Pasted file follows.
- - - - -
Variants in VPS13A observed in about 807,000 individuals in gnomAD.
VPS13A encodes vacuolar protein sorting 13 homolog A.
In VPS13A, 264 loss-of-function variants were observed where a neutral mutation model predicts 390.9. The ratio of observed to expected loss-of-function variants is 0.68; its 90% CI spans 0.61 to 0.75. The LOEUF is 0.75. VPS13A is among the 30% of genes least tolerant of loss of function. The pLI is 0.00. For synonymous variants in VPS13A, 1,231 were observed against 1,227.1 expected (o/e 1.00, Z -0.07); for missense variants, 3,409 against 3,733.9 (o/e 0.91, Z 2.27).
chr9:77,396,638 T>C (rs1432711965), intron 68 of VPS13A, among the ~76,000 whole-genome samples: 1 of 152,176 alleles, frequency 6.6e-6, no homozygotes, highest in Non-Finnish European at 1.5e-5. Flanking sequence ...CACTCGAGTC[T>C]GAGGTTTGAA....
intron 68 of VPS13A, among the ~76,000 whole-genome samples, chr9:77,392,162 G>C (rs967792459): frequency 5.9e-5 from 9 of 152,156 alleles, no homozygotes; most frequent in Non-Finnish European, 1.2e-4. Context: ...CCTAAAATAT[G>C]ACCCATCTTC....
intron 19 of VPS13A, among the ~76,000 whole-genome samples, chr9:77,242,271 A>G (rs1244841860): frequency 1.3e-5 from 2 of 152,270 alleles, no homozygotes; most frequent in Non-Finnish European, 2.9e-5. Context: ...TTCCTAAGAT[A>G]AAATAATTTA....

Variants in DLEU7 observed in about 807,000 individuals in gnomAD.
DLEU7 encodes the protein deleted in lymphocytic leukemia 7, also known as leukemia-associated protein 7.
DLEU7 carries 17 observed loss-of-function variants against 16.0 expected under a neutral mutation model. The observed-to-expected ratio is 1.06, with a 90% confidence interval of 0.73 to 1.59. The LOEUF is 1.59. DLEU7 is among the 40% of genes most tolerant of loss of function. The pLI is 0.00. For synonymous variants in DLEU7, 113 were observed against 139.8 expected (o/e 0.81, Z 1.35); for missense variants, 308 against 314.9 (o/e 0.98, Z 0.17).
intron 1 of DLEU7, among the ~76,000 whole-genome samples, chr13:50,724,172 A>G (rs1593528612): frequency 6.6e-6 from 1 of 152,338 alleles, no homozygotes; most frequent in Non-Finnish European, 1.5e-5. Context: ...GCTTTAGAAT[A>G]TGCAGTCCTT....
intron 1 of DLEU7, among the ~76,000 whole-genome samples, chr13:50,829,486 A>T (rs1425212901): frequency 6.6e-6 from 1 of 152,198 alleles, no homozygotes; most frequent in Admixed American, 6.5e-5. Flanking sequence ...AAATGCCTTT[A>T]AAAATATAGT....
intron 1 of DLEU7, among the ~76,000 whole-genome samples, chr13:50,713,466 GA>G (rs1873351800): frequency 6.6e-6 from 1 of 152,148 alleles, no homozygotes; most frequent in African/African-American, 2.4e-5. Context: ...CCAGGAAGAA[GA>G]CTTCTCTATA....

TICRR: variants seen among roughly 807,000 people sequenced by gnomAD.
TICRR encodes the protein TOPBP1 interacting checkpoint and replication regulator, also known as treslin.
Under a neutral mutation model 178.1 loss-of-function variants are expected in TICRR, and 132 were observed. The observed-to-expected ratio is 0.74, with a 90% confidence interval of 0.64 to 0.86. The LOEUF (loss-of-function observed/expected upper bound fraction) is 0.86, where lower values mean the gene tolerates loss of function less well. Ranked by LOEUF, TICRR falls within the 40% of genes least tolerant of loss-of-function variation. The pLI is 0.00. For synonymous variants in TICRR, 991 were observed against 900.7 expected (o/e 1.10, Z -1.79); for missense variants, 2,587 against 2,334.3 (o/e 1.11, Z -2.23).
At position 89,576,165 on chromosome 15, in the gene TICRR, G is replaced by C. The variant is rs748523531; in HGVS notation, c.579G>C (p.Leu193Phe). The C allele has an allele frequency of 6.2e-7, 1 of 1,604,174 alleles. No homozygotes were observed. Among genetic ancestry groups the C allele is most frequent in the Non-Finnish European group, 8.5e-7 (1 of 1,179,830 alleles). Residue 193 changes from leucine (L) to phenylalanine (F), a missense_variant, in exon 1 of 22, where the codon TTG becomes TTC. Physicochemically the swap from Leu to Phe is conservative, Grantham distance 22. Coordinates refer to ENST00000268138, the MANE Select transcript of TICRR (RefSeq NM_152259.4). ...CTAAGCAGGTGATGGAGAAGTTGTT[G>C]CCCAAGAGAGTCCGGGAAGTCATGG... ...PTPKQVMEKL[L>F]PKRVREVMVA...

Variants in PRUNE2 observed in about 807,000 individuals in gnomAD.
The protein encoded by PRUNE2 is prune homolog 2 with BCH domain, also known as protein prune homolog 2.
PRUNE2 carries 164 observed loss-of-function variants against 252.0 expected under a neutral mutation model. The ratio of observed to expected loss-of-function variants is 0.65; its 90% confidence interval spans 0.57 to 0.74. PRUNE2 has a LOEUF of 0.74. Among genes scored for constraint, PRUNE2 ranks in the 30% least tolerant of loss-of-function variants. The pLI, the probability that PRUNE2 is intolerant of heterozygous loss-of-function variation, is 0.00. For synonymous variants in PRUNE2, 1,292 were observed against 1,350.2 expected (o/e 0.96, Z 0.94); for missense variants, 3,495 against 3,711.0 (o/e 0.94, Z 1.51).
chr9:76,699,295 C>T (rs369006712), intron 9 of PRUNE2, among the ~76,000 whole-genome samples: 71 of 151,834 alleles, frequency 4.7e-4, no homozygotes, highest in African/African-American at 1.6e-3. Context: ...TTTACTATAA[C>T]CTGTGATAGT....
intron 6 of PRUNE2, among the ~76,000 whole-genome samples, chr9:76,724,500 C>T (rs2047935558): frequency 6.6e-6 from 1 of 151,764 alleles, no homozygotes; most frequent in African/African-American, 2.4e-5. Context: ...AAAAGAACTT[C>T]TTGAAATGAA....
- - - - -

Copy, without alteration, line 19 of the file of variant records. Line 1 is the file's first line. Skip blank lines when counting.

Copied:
PRUNE2 carries 164 observed loss-of-function variants against 252.0 expected under a neutral mutation model. The ratio of observed to expected loss-of-function variants is 0.65; its 90% confidence interval spans 0.57 to 0.74. PRUNE2 has a LOEUF of 0.74. Among genes scored for constraint, PRUNE2 ranks in the 30% least tolerant of loss-of-function variants. The pLI, the probability that PRUNE2 is intolerant of heterozygous loss-of-function variation, is 0.00. For synonymous variants in PRUNE2, 1,292 were observed against 1,350.2 expected (o/e 0.96, Z 0.94); for missense variants, 3,495 against 3,711.0 (o/e 0.94, Z 1.51).